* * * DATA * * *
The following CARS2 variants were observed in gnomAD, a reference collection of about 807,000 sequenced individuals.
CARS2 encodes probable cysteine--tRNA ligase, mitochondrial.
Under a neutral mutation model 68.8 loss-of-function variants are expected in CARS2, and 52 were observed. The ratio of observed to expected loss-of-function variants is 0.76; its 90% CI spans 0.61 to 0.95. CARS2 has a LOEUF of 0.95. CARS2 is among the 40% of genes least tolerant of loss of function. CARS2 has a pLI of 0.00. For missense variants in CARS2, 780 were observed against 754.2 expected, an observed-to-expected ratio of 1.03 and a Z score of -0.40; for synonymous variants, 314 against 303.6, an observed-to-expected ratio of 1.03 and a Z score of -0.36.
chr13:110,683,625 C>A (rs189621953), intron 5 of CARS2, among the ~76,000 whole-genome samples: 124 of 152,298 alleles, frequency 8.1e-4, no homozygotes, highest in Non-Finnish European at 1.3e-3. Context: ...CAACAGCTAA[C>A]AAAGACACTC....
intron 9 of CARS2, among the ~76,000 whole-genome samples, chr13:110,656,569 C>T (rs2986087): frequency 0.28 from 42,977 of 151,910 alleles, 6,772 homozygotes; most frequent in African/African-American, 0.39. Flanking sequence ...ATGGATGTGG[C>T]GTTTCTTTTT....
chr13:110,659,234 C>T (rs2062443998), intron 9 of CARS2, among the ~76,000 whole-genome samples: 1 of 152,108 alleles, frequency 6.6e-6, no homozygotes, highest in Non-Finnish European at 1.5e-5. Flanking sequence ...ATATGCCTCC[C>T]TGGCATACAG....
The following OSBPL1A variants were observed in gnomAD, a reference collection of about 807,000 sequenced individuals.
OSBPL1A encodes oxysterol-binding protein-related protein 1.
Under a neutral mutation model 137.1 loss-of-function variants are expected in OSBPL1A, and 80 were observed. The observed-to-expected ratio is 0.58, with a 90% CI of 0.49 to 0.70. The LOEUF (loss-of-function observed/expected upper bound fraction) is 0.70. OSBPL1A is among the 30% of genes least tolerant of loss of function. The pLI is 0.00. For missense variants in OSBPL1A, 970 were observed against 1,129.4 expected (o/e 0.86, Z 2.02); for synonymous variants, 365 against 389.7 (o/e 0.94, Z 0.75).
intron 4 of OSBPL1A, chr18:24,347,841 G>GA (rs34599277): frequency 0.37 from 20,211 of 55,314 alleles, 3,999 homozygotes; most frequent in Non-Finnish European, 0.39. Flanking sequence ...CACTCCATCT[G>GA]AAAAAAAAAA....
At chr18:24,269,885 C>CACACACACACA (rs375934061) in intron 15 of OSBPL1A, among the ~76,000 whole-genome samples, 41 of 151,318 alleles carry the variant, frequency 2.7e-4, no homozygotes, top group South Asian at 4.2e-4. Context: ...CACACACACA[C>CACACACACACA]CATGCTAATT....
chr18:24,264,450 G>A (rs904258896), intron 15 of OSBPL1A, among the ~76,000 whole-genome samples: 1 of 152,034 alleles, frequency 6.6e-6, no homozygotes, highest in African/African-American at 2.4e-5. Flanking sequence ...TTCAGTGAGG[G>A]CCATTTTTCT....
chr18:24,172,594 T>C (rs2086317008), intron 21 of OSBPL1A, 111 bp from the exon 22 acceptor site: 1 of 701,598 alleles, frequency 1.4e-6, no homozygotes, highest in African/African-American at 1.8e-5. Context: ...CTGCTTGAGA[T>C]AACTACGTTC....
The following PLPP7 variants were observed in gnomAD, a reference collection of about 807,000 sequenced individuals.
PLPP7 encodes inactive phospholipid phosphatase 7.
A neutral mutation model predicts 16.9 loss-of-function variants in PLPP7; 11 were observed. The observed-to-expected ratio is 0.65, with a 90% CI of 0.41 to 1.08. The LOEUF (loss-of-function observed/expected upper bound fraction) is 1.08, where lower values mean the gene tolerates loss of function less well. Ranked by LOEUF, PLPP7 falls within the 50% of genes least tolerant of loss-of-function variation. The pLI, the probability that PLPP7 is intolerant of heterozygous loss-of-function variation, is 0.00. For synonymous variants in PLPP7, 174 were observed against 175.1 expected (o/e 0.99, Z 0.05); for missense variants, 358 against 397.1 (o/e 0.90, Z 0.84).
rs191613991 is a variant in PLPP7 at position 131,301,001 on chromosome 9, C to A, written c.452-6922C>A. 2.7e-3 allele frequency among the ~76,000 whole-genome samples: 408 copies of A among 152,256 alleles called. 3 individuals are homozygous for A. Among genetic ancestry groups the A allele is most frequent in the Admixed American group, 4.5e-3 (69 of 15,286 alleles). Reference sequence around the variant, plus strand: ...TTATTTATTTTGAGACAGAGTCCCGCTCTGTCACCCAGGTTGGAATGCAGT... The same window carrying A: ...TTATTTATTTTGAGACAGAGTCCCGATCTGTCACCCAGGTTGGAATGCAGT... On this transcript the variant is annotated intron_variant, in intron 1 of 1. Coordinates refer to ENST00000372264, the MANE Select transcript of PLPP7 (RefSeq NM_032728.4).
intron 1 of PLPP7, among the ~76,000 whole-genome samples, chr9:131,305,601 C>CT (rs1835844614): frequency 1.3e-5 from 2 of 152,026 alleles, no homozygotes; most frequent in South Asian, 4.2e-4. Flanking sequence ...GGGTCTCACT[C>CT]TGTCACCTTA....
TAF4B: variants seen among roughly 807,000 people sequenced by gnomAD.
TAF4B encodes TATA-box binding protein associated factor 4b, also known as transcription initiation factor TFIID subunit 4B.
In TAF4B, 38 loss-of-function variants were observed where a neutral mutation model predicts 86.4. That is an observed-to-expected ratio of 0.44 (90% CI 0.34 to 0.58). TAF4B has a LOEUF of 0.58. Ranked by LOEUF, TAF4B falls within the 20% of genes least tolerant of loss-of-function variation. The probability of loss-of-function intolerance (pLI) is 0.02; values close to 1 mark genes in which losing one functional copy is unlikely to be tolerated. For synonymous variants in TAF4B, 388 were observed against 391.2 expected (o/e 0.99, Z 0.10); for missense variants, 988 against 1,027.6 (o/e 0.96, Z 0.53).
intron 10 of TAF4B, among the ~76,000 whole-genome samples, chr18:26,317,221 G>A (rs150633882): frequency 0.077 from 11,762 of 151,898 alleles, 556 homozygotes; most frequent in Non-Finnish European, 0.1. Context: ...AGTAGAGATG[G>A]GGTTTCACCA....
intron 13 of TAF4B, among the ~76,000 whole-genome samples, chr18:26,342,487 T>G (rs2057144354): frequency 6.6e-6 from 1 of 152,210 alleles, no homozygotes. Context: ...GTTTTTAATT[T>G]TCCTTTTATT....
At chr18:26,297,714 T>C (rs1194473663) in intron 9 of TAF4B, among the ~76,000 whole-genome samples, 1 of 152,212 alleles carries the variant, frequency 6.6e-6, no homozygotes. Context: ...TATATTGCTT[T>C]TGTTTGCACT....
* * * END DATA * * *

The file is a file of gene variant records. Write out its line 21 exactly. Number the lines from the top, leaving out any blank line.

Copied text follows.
In TAF4B, 38 loss-of-function variants were observed where a neutral mutation model predicts 86.4. That is an observed-to-expected ratio of 0.44 (90% CI 0.34 to 0.58). TAF4B has a LOEUF of 0.58. Ranked by LOEUF, TAF4B falls within the 20% of genes least tolerant of loss-of-function variation. The probability of loss-of-function intolerance (pLI) is 0.02; values close to 1 mark genes in which losing one functional copy is unlikely to be tolerated. For synonymous variants in TAF4B, 388 were observed against 391.2 expected (o/e 0.99, Z 0.10); for missense variants, 988 against 1,027.6 (o/e 0.96, Z 0.53).